The Origins of Interpretive Canons in Domestic Legal Systems
Between the Lines of the Vienna Convention? Canons of Construction and Other Interpretive Principles in Public International Law (Klinger, Parkhomenko and Salonidis (eds), Wolters Kluwer 2018)
20 Pages Posted: 20 Apr 2018 Last revised: 6 Mar 2020
Date Written: April 20, 2018
This chapter examines the domestic origins of the canons of construction used in treaty interpretation. It shows that these canons typically draw on domestic principles for statutory and contractual interpretation. Section I surveys general themes emerging from specific canons of construction, and provides a summary of some key links between the canons of construction and foundational sources such as the Roman Law Digest and the work of early international lawyers, such as Grotius, Pufendorf, and de Vattel.
Section II then zooms into some specific canons and their domestic origins. It examines the links that each canon has to the common and civil law traditions (and other sources), and the extent to which international tribunals have acknowledged the domestic origins of these canons. Just like national courts unconsciously rely on contract and statutory analogies in interpreting treaties, this section shows that international courts and tribunals often rely on these canons without awareness of their domestic origins, and even though they are not found explicitly in the Vienna Convention on the Law of Treaties.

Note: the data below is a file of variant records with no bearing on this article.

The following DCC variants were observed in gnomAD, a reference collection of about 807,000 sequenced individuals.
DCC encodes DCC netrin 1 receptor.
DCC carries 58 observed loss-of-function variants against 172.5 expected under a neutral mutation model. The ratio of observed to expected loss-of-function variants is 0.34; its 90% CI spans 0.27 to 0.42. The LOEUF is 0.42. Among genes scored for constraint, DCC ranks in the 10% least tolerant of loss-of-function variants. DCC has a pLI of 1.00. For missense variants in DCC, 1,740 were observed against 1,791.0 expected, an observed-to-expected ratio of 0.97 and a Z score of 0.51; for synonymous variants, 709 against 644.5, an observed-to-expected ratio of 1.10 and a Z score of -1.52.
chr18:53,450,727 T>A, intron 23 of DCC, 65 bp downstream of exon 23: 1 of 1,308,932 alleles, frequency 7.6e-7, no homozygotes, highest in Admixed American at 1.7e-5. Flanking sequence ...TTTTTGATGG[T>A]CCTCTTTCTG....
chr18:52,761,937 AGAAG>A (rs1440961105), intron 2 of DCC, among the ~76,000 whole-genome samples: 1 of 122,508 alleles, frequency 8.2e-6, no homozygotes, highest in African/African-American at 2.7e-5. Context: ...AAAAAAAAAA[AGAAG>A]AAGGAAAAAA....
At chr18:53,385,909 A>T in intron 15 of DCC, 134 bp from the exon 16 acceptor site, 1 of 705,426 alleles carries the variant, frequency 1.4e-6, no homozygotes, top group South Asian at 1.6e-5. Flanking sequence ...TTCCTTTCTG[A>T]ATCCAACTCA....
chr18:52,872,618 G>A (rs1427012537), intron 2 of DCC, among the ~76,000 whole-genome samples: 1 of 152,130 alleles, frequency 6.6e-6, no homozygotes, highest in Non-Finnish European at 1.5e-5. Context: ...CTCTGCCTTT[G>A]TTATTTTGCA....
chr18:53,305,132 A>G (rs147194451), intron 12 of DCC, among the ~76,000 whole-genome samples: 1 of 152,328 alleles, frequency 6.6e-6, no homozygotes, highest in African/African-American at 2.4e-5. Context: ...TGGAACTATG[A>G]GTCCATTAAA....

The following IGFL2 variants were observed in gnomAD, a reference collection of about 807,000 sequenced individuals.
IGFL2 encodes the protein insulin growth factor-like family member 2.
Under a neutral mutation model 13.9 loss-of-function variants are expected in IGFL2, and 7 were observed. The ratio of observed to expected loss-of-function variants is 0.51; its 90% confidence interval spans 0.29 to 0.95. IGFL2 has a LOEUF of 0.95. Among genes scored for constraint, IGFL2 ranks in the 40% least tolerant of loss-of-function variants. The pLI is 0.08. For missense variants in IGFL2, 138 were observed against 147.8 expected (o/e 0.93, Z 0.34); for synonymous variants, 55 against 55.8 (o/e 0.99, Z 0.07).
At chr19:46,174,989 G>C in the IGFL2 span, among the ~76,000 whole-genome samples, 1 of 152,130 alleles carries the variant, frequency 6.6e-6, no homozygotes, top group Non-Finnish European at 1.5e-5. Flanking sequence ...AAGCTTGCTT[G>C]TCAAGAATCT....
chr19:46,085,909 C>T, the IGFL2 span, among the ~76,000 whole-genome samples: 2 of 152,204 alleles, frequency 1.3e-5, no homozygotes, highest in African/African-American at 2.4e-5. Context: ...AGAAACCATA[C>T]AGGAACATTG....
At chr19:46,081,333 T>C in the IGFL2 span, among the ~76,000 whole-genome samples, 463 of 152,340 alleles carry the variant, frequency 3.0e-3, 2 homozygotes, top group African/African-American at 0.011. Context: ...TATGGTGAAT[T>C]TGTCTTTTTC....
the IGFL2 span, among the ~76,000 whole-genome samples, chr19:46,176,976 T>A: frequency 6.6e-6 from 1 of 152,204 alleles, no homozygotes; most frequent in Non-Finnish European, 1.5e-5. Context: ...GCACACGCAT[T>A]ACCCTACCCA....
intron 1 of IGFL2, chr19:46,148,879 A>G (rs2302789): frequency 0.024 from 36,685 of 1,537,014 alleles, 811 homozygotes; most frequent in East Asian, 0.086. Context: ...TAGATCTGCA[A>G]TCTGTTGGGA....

Keywords: treaty interpretation; canons of interpretation; VLCT; effectiveness; contra proferentem; ejusdem generis; expressio unius; generalia specialibus non derogant; in dubio mitius
JEL Classification: K33
Suggested Citation: Suggested Citation